Mobile Menu

Early results from the UK Biobank Exome Sequencing Consortium

The UK Biobank Exome Sequencing Consortium has released, as preprint in medRxiv, early results from the exome sequencing data generated for the first ~200,000 participants.

The UK Biobank Exome Sequencing Consortium

UKB-ESC (The UK Biobank Exome Sequencing Consortium) is a unique private/public partnership between the UK Biobank and eight biopharma companies. The Consortium aim to sequence the exomes of all ~500,000 UK Biobank participants.

The probability of drug candidates processing past Phase 1 clinical trials into approval and launch remains near 10%. Most clinical failures are attributable to safety concerns or lack of efficacy. As a result, drug developers’ attention has turned to human genetics to increase the likelihood of successful drug discovery.

The development of large-scale biobanks has created a unique opportunity for the scientific community to accelerate the use of human genetics to inform drug discovery. The UK Biobank is of particular interest to drug developers as not only does it contain human genetic data, it also contains longitudinal phenotype data. Researchers can link both of these data types together to explore the biological consequences of genetic variation.

The aim of UKB-ESC is to gain a comprehensive assessment of protein-coding genetic variation. This will extend genetic investigations to include rare and private variants that are not already captured in existing UK Biobank chip-based genotypes.

Lessons learned from the UK Biobank Exome Sequencing Consortium

Large-scale collaborative projects can drive transformative scientific discoveries. Such collaborations provide a unique opportunity to unify scientific communities. The UKB-ESC seeks to further strengthen the relationship between academia and industry through a precompetitive collaboration. They hope that this partnership will catalyse novel scientific discoveries, accelerate the development of new therapies and ultimately improve patient outcomes. The authors noted the following principles as essential to the success of this effort:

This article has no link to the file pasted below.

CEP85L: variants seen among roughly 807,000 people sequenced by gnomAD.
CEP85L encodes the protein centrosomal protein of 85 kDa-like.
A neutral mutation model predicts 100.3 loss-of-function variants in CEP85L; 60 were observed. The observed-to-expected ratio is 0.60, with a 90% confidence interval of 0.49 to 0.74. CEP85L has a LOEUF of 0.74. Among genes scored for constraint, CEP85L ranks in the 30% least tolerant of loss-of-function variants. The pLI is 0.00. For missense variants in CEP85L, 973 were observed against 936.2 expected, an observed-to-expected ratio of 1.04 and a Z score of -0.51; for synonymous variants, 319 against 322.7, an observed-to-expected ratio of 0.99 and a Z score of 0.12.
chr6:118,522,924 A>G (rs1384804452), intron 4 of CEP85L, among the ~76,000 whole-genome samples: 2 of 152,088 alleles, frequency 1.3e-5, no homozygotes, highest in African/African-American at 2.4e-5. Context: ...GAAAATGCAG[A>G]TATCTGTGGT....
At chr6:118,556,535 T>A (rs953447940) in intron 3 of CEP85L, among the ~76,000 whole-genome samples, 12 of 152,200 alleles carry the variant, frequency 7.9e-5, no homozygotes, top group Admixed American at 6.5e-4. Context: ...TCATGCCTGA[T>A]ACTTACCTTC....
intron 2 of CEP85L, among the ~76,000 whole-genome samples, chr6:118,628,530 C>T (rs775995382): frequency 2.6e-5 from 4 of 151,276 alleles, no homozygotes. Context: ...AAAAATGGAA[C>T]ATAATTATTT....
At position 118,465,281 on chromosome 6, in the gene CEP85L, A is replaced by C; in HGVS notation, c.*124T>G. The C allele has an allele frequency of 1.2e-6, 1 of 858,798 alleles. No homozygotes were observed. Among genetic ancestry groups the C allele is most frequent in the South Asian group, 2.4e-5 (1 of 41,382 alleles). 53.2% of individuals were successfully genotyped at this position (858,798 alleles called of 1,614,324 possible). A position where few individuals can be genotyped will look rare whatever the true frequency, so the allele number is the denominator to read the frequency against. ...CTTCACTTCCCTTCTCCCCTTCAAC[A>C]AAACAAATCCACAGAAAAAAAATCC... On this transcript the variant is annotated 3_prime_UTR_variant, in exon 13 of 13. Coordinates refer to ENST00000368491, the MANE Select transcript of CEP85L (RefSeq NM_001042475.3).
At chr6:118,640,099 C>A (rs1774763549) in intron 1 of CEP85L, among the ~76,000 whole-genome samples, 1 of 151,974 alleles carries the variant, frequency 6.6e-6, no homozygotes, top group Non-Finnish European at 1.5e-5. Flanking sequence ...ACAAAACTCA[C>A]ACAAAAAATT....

• The collaboration is enabled by the UK Biobank’s open data access policy
  • The scope of the project will enable unique, valuable scientific discoveries
  • UK Biobank’s data access and contribution terms invites pre-competitive collaboration by industry partners
  • The value of engagement in a large pre-competitive industry collaborative project presents additional value to the participating institutions

The first 200,000 exome sequences

The release of the first ~200,000 sequenced exomes represents an important milestone in the availability of large-scale genomic data. The team found approximately 10 million variants within the targeted regions. These included 8,086,176 SNPs, 370,958 indels and 1,596,984 multi-allelic variants. Of the ~8 million SNPs observed, 84.5% were coding variants. These included 2,139,318 (25.3%) synonymous, 4,549,694 (53.8%) missense and 453,733 (5.4%) predicted loss-of-function (LOF) variants affecting at least one coding transcript. Restricting the analysis to variants that affected canonical transcripts, the team observed a median of 142 LOF variants per individual.


The UKB-ESC is making important contributions to the scientific community. While exome sequencing is nearly complete, the team hope that the key features of this collaboration will be adopted for similar projects in the future. These large-scale collaborations play an essential role in generating accessible resources that a diverse community can use to address critical questions and advance human health. Additionally, the team expect that the value of WES data will be enhanced by layering deeper and richer phenotypes. The exome sequencing data from the first 200,643 UK Biobank participants is now accessible to the research community.

Image credit: By freepik –

More on these topics

Biobank / Exome / WES

Share this article